Now when the friendly plants heard what the animals had decided against mankind, they planned a countermove of their own. Each tree, shrub, herb, grass, and moss agreed to furnish a cure for one of the diseases named by the animals and insects.
Thereafter, when the Cherokee Indians visited their Shaman about their ailments and if the medicine man was in doubt, he communed with the spirits of the plants. They always suggested a proper remedy for mankind's diseases.

This was the beginning of plant medicine from nature among the Cherokee Indian nation a long, long time ago.

At the Rainbow´s end _ Diné/Navajo

Long, long ago when First Woman the Goddess was created, she became fully grown in four days. It seemed that every Dine (Navajo) Indian tribesman wanted her for his wife.

She did not love any of them, but she did like the handsome ones. Of all the men, however, she thought the most attractive was the Sun-God. Of course, she thought he could never be her husband.

To her surprise, one day Sun-God came up behind her and gently tickled her neck with a feathery plume. She was engulfed with warm sunshine, and in a magical way the Goddess became the wife of Sun-God. He fathered her firstborn, a son.

Not long thereafter, the Goddess was resting beneath an overhanging cliff when some drops of water fell upon her. Soon the Goddess gave birth to a second son, fathered by Water-God. Because the two boys were so close in age, they became known as the Twins of the Goddess.

They lived in a beautiful canyon that later became a part of Dine (Navajo) land. About that time, a Great Giant roamed over the country and ate every human he could catch. He discovered the Goddess but did not want to kill her, because at first sight he fell in love with her beauty.

The Goddess knew of the Great Giant's evil ways and would have nothing to do with him. He became very jealous of her when he saw footprints of the Twins outside her Hogan.

She saw Great Giant approaching, so she quickly dug a hole in the centre of her floor and there hid her two children, whom she dearly loved. She covered the opening with a flat sandstone rock, spreading dirt over it to prevent the Great Giant from finding her Twins.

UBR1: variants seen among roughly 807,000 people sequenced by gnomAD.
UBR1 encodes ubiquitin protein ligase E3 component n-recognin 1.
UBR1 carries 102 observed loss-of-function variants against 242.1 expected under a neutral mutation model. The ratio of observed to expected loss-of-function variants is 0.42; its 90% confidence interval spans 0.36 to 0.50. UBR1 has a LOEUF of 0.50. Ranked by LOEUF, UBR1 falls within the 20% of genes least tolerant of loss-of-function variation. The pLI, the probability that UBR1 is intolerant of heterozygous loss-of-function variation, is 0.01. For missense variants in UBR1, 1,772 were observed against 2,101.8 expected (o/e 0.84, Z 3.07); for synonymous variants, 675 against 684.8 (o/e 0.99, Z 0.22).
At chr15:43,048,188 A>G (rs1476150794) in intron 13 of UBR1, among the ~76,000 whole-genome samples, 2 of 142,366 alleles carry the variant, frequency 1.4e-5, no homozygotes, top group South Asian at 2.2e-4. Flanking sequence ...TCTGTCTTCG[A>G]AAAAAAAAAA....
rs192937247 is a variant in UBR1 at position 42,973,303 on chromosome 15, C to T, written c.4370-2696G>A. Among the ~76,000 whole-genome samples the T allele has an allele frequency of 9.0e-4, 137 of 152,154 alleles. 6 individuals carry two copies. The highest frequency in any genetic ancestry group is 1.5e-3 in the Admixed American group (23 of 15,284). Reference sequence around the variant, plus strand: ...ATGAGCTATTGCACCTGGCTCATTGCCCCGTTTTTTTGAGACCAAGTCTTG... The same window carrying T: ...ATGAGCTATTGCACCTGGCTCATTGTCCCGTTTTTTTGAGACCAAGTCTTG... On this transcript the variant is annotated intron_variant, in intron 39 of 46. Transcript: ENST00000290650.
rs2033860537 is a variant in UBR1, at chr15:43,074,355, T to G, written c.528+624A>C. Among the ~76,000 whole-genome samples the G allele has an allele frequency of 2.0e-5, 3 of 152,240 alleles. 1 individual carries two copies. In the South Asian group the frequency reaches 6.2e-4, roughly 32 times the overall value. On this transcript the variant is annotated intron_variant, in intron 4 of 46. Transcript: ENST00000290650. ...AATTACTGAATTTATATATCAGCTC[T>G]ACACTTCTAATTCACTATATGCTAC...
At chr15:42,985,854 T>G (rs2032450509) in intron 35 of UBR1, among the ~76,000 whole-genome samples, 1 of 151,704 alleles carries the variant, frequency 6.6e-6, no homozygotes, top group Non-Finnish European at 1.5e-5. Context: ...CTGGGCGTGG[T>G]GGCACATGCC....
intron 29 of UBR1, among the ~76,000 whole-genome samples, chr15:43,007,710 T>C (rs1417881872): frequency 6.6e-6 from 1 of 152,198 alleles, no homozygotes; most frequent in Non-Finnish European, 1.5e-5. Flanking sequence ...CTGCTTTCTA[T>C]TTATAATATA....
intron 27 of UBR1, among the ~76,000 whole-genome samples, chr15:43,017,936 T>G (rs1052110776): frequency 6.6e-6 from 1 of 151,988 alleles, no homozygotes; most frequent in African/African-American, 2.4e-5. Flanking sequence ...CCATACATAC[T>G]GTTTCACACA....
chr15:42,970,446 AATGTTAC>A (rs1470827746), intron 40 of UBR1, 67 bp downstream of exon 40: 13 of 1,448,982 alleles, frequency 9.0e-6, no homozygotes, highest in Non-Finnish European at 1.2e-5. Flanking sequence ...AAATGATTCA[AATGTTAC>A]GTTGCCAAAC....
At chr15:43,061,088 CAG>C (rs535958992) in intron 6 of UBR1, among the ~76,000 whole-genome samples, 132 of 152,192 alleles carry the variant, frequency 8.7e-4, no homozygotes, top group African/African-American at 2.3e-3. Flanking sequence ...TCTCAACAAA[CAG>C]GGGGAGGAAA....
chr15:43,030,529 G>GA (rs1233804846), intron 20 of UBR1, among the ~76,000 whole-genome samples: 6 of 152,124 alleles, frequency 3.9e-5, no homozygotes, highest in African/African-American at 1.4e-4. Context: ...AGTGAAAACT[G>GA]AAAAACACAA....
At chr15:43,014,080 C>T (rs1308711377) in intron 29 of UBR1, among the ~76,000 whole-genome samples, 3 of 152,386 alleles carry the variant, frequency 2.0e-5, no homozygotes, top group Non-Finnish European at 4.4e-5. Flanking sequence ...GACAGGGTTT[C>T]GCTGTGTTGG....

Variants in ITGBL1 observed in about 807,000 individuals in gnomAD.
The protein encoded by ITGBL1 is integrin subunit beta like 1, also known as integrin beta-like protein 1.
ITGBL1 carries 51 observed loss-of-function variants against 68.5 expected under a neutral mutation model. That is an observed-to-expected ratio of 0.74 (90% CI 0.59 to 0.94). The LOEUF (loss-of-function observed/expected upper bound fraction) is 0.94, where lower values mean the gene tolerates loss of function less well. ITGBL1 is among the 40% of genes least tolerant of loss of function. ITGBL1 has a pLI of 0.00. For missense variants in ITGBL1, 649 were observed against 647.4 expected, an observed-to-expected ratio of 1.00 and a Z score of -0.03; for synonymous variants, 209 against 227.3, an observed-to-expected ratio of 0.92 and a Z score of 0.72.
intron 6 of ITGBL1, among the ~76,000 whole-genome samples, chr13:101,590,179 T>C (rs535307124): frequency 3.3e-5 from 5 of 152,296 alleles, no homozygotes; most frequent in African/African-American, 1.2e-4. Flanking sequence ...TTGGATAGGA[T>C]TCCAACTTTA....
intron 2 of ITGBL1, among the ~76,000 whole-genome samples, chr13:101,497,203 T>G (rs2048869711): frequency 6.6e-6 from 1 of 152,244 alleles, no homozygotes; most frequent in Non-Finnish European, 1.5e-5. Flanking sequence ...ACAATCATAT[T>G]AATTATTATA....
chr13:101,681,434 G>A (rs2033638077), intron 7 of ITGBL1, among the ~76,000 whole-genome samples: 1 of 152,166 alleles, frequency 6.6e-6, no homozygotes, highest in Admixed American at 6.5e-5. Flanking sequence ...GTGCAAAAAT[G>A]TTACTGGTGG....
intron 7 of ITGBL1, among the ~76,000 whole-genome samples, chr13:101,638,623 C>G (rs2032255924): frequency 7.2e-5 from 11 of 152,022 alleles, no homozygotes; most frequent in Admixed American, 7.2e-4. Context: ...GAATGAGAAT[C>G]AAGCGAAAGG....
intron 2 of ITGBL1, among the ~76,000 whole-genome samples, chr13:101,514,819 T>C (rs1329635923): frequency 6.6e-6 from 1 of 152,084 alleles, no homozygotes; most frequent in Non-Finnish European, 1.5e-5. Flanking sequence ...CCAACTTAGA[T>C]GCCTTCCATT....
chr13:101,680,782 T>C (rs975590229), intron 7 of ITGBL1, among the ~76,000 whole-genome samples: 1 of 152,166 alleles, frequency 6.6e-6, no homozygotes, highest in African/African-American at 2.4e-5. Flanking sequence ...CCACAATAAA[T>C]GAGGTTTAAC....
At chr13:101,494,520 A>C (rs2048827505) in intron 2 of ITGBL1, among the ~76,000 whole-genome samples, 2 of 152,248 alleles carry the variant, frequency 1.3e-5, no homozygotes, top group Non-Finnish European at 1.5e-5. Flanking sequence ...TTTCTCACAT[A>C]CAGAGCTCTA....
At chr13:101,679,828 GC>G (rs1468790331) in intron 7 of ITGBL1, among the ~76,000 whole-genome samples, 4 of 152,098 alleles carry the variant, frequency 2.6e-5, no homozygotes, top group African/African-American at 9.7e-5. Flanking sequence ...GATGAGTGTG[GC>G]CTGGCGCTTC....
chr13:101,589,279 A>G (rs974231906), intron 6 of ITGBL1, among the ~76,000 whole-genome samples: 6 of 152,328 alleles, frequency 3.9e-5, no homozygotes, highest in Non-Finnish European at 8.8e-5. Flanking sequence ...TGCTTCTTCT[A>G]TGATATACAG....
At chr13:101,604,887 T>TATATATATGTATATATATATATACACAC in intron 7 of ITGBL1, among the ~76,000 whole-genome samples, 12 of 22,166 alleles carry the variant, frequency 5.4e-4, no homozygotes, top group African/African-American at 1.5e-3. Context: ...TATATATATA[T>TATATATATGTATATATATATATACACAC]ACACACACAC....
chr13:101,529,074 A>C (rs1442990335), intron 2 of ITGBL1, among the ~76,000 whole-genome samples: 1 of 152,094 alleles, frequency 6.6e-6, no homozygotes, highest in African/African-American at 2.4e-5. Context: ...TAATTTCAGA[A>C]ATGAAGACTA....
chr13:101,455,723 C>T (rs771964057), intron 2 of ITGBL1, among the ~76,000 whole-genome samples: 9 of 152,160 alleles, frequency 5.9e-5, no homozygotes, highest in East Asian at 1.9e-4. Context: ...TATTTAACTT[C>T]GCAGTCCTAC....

Another day, Great Giant saw the children's tracks.
"Where did these children come from?" he asked the Goddess.

"I have no children." she replied, because she knew that he would try to kill them if he found the Twins.
"You are not telling me the truth," he said. "I see children's footprints in the dirt, right here."
The Goddess laughed heartily and said "Those are only my hand prints. I am very lonesome for children, so I only pretend by making tracks with the heels of my hand and the tips of my fingers, like this. These are the tracks of my children."

"Now I believe you," he replied.

As the Twins grew larger, their mother could not hide them any longer. She was alarmed for their safety because of the Great Giant, who saw them one day and tried to catch them. But the Twins were too quick and got away.

The Spirit who made the Goddess appeared with a bow made of cedar wood for Sun-Child.
"It is time for you to learn to hunt," she said to him.
"We must now make some arrows and another bow for your brother," said the Goddess to Sun-Child.
"Mostly, we want to hunt for our father," said Sun-Child. "Mother, who is our father and where does he live?"

"Your father is the Sun-God, but he lives far away in the East," replied the Goddess.

Another bow was made for Water-Child and many arrows for both Twins. They began their journey to the East and travelled as far as they could, but without success in finding Sun-God. When they returned they asked, "Mother, have you lied to us? In the East, we looked everywhere and we could not find our father, the Sun- God."

"He must have gone to the South," she said. Again the Twins set out on another journey, this time to the South, returning without success.
"Please try the West and then the North, if at first you do not find your father in the West," said the Goddess.